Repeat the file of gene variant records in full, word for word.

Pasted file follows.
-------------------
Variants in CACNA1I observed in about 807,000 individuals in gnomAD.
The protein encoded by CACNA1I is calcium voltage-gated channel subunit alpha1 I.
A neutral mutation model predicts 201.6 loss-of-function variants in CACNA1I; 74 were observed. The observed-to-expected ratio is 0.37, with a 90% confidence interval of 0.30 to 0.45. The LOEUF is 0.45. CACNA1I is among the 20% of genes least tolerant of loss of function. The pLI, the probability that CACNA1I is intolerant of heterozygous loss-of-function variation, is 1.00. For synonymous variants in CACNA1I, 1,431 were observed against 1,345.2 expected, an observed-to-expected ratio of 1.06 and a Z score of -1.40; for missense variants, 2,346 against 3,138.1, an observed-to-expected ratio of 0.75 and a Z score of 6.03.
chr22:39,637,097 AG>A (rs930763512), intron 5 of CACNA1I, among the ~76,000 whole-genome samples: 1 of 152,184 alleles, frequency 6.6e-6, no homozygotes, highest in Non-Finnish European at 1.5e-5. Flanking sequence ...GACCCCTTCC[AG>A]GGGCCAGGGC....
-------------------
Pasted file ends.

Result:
Variants in CACNA1I observed in about 807,000 individuals in gnomAD.
The protein encoded by CACNA1I is calcium voltage-gated channel subunit alpha1 I.
A neutral mutation model predicts 201.6 loss-of-function variants in CACNA1I; 74 were observed. The observed-to-expected ratio is 0.37, with a 90% confidence interval of 0.30 to 0.45. The LOEUF is 0.45. CACNA1I is among the 20% of genes least tolerant of loss of function. The pLI, the probability that CACNA1I is intolerant of heterozygous loss-of-function variation, is 1.00. For synonymous variants in CACNA1I, 1,431 were observed against 1,345.2 expected, an observed-to-expected ratio of 1.06 and a Z score of -1.40; for missense variants, 2,346 against 3,138.1, an observed-to-expected ratio of 0.75 and a Z score of 6.03.
chr22:39,637,097 AG>A (rs930763512), intron 5 of CACNA1I, among the ~76,000 whole-genome samples: 1 of 152,184 alleles, frequency 6.6e-6, no homozygotes, highest in Non-Finnish European at 1.5e-5. Flanking sequence ...GACCCCTTCC[AG>A]GGGCCAGGGC....